Every year New Yorkers seem to become communally enchanted by a winged creature, typically one that is roosting in Central Park. Barry the Barred Owl (RIP). Mandarin Patinkin the Hot Duck (RIP?). And now Rover the Bald Eagle. But astute birders may have noticed that there have been more and more bald eagles around lately and not just alongside that other national treasure John Cena.

In New York City, many of these sightings are filtered through the Manhattan Bird Alert Twitter account run by David Barrett. He told WNYC/Gothamist that while seeing high-flying bald eagles is not that rare over areas like the Hudson River, since January 11th, New Yorkers have been treated every day to "a low-flying or perching bald eagle in Central Park," and this, he said, "is most unusual!"

Two bald eagles appear to be frequenting that area, according to Barrett: a juvenile and an adult known as Rover.

In one rapturous moment this week, Rover was seen killing a herring gull on the Jacqueline Kennedy Onassis Reservoir, and then returning for leftovers the next day.

In 2018, Rover was given a green metal tag with the code "R7" on it, and Barrett explained that at this time he got his nickname from birders in Brooklyn, his previous chosen borough.

Paul Sweet, of the department of ornithology at the American Museum of Natural History, told WNYC/Gothamist that for years he would see Rover a fair amount in Brooklyn. "He used to hang around Green-Wood Cemetery, the Bush Terminal, Prospect Park—but you know, they can fly a long way, so not a big deal for him to come to Manhattan."

Sweet said Rover's move was likely due to the number of ducks and gulls and other prey at the Central Park Reservoir. But he said the real bald eagle hotspot is just outside of town in Croton-on-Hudson.

"Somebody reported 17 bald eagles there today [Thursday]. So there are a bunch up there at Croton. If you wanted to see a lot of eagles, you go up to Croton... you can take the train there and just walk to the park."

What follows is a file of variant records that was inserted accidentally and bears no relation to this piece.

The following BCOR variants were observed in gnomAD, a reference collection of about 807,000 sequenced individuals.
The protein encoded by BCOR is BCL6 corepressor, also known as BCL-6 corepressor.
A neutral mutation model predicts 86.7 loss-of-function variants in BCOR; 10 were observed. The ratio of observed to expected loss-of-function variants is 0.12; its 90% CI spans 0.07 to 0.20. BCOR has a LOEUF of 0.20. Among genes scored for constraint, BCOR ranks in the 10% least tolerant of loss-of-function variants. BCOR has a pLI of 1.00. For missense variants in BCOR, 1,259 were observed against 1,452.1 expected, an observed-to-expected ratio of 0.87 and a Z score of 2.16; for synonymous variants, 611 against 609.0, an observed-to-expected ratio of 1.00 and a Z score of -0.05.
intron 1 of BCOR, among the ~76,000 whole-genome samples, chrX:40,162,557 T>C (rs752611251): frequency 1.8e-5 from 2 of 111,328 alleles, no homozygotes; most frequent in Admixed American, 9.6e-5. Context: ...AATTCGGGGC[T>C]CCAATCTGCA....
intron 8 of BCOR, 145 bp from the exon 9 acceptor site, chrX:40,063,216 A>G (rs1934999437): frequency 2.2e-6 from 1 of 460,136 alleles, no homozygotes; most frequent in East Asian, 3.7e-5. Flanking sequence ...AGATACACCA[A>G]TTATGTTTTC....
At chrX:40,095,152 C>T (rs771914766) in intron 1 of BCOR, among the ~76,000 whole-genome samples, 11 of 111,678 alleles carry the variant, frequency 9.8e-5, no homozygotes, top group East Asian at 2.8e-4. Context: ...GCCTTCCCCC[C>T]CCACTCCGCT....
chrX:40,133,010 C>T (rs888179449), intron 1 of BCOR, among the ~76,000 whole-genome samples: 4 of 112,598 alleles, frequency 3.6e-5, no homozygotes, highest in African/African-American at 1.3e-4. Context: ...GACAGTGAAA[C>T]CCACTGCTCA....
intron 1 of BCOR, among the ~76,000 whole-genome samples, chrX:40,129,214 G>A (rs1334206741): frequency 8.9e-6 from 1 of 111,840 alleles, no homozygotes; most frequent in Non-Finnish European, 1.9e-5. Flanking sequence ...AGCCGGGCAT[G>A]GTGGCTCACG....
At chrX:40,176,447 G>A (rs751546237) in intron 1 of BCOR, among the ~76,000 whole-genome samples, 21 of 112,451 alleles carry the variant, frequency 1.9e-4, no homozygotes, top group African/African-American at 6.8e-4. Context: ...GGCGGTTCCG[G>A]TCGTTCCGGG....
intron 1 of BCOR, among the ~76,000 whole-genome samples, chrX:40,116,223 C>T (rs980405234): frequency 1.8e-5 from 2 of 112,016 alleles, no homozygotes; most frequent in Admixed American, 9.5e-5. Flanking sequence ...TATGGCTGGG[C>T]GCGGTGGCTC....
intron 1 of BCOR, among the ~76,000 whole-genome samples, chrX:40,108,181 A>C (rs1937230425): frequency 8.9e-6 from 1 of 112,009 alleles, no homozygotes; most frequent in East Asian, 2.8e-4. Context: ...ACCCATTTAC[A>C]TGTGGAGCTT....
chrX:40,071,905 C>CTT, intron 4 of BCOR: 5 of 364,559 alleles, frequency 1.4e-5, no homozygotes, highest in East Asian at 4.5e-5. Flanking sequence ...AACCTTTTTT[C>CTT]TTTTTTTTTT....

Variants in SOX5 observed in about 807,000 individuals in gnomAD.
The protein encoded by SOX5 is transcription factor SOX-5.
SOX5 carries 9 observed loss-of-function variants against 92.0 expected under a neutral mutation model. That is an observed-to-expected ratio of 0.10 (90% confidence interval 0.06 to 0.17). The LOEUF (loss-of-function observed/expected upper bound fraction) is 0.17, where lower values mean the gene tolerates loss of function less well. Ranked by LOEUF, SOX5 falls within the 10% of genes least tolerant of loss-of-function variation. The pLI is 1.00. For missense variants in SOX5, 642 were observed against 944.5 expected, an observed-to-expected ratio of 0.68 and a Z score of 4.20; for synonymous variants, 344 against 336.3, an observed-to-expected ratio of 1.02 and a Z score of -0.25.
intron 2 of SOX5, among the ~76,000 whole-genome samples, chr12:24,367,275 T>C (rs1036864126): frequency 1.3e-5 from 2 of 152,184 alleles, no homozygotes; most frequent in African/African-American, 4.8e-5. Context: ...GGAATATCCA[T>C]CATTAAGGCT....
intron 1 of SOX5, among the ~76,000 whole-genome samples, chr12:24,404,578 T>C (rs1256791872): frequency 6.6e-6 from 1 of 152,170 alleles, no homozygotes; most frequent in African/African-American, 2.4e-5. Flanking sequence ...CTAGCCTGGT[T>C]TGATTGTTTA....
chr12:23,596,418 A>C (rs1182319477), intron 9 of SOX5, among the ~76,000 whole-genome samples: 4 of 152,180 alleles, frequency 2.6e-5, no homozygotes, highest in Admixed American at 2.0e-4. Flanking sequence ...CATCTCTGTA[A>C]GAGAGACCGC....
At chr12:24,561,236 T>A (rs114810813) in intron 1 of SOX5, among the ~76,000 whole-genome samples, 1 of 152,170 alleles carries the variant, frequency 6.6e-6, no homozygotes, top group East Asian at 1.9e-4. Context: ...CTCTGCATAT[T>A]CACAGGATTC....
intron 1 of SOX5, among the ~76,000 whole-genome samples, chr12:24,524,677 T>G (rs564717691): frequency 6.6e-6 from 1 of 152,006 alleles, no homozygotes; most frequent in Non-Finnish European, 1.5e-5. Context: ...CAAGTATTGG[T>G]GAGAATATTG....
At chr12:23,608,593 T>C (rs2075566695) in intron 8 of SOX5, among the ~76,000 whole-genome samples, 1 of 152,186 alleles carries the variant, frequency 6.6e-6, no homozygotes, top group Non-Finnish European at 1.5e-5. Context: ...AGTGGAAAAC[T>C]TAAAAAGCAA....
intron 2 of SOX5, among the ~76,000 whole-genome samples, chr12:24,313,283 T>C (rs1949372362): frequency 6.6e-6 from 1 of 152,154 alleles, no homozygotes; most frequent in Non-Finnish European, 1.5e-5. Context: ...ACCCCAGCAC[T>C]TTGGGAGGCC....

New Yorkers gathered in Central Park to see Rover on Sunday morning.

New Yorkers gathered in Central Park to see Rover on Sunday, January 30th, 2022.

New Yorkers gathered in Central Park to see Rover on Sunday, January 30th, 2022.
Kate Hinds

If you just want to see Rover, however, you'll do best in Central Park. How will you know it's him?

"If you see a high flyover, it could be any bald eagle," Barrett said. "If you see an eagle flying low or perching, the odds are high now that it is Rover if it is an adult."

During a recent sighting on Thursday, Rover was perched on the reservoir's ice just before noon -- and attempting to kill a wood duck (which survived, this time).

But why are so many of these majestic raptors showing up all over the state now? Chris Lajewski, center director at the Montezuma Audubon Center in New York, told WNYC/Gothamist that the bald eagle is a true conservation success story.

"Let's go back 50 years, to the mid-1970s, there was only one bald eagle nest in the whole state of New York," he said. "And now we're over 400 nests across the state of New York. So a huge increase in the number of bald eagles."

In addition to habitat conservation efforts and new and updated conservation laws, this journey to bring bald eagles back from being in danger of extinction (which was the case in the 1960s) began with a hacking program that kicked off in 1976.

"Hacking refers to the process where you take wild animals from one population and relocate them to a new area to get that population started in a new location. And we did this right here in New York state, in the Montezuma Wetlands Complex." Starting in 1976 and through 1980, there were 23 one-month-old bald eagle chicks brought to the upstate complex from the Midwest and Maryland. It was the first time this had ever been tried anywhere in this country, Lajewski said.

"We hand-fed these bald eagle chicks using an adult bald eagle hand puppet. We didn't want the chicks to lose their fear of humans." At around four-months-old, their instincts kicked in, and they'd fly and hunt through the wetlands, he said.

The hacking program was brought to other parts of the state, and by the end of the 1980s, there were 10 bald eagle nests around New York. Today, there are over 400 — "It's something that we are certainly proud of at the National Audubon Society," Lajewski said, "I think all New Yorkers can be proud of."

In the winter, the state's bald eagle population rises even more. Bald eagles are migratory birds, but New York's inhabitants tend to stay put. Bald eagles from much colder areas, however, come down for the season, Lajewski said. "Here in New York, we see an influx in bald eagles during the winter season because all the eagles from Canada and northern parts of New York and New England states come down here and spend the winter in our relatively mild and tranquil" climate.